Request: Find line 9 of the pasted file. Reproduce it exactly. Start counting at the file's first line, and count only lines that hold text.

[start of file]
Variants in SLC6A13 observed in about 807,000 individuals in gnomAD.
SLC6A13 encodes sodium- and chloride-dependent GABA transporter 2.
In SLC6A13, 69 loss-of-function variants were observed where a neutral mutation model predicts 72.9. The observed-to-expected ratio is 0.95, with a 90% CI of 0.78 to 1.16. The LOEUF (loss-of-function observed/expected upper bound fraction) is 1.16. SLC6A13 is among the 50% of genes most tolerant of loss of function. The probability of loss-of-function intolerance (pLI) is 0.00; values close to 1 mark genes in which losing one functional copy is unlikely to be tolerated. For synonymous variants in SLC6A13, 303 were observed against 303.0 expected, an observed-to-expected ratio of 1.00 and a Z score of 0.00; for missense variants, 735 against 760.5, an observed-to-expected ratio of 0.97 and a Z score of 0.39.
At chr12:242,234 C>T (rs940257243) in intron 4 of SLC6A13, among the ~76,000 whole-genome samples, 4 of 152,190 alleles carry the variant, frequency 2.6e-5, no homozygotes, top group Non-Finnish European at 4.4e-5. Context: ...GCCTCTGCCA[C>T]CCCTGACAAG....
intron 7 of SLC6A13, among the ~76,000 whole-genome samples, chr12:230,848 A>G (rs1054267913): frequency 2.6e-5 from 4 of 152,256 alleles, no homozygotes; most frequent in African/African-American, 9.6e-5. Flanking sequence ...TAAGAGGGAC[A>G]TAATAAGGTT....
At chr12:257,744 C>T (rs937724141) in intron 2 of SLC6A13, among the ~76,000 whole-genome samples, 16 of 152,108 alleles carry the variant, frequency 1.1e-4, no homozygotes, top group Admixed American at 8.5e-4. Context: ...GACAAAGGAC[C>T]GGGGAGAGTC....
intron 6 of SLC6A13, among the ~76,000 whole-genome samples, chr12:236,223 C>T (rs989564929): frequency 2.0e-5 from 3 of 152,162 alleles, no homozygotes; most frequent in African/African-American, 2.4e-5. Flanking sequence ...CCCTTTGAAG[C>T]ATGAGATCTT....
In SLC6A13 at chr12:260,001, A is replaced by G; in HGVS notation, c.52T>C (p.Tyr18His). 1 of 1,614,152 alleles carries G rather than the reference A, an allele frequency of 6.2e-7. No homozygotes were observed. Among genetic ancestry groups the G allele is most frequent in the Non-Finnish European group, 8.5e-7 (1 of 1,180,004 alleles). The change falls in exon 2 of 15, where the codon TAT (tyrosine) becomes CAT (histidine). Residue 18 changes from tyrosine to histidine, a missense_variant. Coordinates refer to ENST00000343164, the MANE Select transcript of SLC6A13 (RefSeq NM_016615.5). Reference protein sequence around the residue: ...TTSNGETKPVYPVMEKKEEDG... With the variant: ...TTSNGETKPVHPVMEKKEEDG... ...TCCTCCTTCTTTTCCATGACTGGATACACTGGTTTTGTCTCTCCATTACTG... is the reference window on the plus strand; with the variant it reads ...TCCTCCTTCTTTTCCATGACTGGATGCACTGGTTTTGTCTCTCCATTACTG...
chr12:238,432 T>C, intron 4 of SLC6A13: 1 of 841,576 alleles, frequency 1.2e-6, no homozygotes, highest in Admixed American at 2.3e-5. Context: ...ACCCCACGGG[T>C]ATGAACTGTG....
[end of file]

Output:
chr12:238,432 T>C, intron 4 of SLC6A13: 1 of 841,576 alleles, frequency 1.2e-6, no homozygotes, highest in Admixed American at 2.3e-5. Context: ...ACCCCACGGG[T>C]ATGAACTGTG....